lightly Stoopid and Co. brought the funk to Chicago this past Sunday on their How I Spent My Summer Vacation tour. Hundreds of people gathered at Huntington Bank Pavilion to share their love for Roots Rock and Reggae, a genre that doesn’t get as much recognition in a city like Chicago where the musical culture is dominated by dance and hip hop. People of all types were present at the venue, eager to relax and enjoy some smooth riddims and catchy guitar riffs. Right away I knew I was in the right place as I saw clouds of smoke billowing out from the crowd after I got through the gates. I knew that if I was going to cover the show properly I needed to get on the same wavelength as everyone else. Luckily, I came prepared with my own supplies and lit up a spliff as I mingled with parts of the crowd before the show.
The night started with a set performed by Tribal Seeds from San Diego. They immediately set the tone for what was to come for the rest of the night. The duo of Ryan "Gonzo" Gonzalez and Steven Rene Jacob on guitar drove the melodies of each piece which washed the crowd in a sea of echo and reverb. Jamey "Zeb" Dekofsky on drums and Victor Novarro on bass held down the melody for the rest of the group and maintained the high pace throughout their set. What struck me the most was the incredible presence of their horn section. Unfortunately, I was unable to catch their names, but their sound will stick with me for a long time. Their presence strongly accented each piece and captivated the crowd. Near the end of the set, the trumpet and trombone players showed off their chops as they each went off on their own solos. The group showed great versatility in their set. For one song, Novarro hopped off the bass to change places with Steven Jacob and take over vocals for a song delivered in Spanish. That double-timed piece was one of the highlights of the night. For their penultimate piece, they threw it back to a classic by presenting a refreshing rendition of Return of the Mack by Mack Morrison. I have to give huge props to Ryan Gonzalez who killed the vocals on that joint. The strongest aspect of their performance in my eyes was the relationship between the different sections. Everyone on stage complimented each other through their instrumentation which provided a really solid performance overall. They served as a great opener for the other two acts and really gave the crowd a sense of what was in store.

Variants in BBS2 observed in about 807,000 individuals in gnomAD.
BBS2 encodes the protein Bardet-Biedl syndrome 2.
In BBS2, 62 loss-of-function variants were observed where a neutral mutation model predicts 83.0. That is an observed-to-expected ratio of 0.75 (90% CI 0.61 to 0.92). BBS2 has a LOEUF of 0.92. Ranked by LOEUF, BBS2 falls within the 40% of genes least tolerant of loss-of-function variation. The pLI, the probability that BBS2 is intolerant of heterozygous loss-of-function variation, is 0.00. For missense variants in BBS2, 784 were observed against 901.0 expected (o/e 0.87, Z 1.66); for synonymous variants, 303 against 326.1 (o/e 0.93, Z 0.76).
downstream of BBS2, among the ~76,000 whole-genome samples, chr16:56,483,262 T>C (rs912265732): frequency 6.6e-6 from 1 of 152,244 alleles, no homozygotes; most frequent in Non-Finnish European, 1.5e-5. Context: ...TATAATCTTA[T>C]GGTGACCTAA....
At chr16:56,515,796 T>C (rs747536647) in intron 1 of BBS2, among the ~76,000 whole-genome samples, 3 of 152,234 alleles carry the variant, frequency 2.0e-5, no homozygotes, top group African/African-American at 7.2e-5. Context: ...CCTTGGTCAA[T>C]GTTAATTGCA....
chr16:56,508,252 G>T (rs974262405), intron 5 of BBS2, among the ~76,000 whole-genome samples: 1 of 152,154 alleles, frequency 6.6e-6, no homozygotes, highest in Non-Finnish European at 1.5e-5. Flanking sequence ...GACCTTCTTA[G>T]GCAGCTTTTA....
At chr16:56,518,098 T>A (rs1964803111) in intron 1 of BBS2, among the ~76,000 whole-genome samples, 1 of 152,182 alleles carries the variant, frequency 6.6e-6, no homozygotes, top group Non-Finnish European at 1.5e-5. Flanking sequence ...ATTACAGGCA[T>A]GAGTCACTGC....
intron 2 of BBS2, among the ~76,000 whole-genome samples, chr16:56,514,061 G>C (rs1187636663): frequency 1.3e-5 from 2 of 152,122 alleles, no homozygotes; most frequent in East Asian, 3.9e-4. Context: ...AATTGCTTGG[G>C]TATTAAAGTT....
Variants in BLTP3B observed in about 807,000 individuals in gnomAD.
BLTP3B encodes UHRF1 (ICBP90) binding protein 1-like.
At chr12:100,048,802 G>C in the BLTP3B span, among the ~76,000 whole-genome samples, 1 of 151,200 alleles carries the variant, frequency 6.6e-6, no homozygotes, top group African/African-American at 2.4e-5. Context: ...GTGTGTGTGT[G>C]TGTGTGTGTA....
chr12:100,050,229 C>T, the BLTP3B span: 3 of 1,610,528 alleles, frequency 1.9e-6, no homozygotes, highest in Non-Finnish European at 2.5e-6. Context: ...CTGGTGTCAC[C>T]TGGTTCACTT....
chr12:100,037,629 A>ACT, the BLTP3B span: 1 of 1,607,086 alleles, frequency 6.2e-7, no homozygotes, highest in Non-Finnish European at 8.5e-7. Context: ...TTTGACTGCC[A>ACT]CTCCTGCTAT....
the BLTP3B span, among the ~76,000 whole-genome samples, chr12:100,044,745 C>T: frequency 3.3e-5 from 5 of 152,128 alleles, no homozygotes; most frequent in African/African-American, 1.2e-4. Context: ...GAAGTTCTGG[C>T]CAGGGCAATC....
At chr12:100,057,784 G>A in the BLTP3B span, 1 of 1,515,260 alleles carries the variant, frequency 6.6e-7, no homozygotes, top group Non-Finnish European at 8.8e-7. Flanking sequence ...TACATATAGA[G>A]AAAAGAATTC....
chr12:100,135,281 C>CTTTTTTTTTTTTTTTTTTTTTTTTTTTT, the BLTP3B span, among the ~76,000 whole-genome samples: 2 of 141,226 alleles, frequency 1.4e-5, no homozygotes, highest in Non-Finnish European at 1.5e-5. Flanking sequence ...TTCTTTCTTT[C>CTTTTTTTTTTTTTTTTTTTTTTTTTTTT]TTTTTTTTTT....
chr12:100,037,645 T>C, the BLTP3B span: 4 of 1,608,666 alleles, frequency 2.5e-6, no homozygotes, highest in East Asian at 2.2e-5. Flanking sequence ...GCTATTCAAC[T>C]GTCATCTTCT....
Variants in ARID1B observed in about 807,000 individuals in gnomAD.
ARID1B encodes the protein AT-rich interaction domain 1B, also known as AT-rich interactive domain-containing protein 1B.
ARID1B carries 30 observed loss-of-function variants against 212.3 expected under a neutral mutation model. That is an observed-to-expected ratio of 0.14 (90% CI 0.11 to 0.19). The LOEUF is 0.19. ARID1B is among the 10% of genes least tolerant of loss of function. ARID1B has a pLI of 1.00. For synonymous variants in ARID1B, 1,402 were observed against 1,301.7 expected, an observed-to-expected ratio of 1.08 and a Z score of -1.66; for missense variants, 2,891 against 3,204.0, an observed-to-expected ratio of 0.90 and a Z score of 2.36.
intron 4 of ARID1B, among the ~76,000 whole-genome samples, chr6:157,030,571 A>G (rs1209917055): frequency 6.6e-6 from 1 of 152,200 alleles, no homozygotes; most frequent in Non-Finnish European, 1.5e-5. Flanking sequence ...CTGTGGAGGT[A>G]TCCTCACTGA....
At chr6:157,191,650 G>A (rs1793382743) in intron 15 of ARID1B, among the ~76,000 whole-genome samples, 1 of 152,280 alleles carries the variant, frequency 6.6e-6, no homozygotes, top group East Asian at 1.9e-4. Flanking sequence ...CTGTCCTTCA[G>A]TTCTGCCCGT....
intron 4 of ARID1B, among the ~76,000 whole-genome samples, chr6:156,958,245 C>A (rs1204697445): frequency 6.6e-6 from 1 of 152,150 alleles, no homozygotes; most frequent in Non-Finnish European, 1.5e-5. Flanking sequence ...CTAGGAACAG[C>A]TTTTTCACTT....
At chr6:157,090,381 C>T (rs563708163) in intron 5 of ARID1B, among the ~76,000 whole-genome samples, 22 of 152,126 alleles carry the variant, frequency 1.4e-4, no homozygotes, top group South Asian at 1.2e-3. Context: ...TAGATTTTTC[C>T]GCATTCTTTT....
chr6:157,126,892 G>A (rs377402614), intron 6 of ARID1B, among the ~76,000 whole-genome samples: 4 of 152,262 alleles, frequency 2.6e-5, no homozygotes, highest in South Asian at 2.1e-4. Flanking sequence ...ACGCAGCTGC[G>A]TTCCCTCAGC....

One thing I began to notice during the first set was how chill and friendly the crowd at the concert was. I’ve had my fair share of concert experiences gone wrong thanks to particularly shitty people, but I wasn’t afraid of that happening at this show. It goes to show the kind of people that these groups attract and the kind of energy and behavior that the bands promote at their shows: all love, peace, and happiness. Everyone was there to have a good time and enjoy the music.
Another interesting thing to note was their decision to play Reggae remixes of the Radiohead album OK Computer. That was something that I couldn’t believe at first. I never thought that such a thing would exist but there I was, sitting on the pavement, singing along to Airbag accompanied by a reggae drum backing track.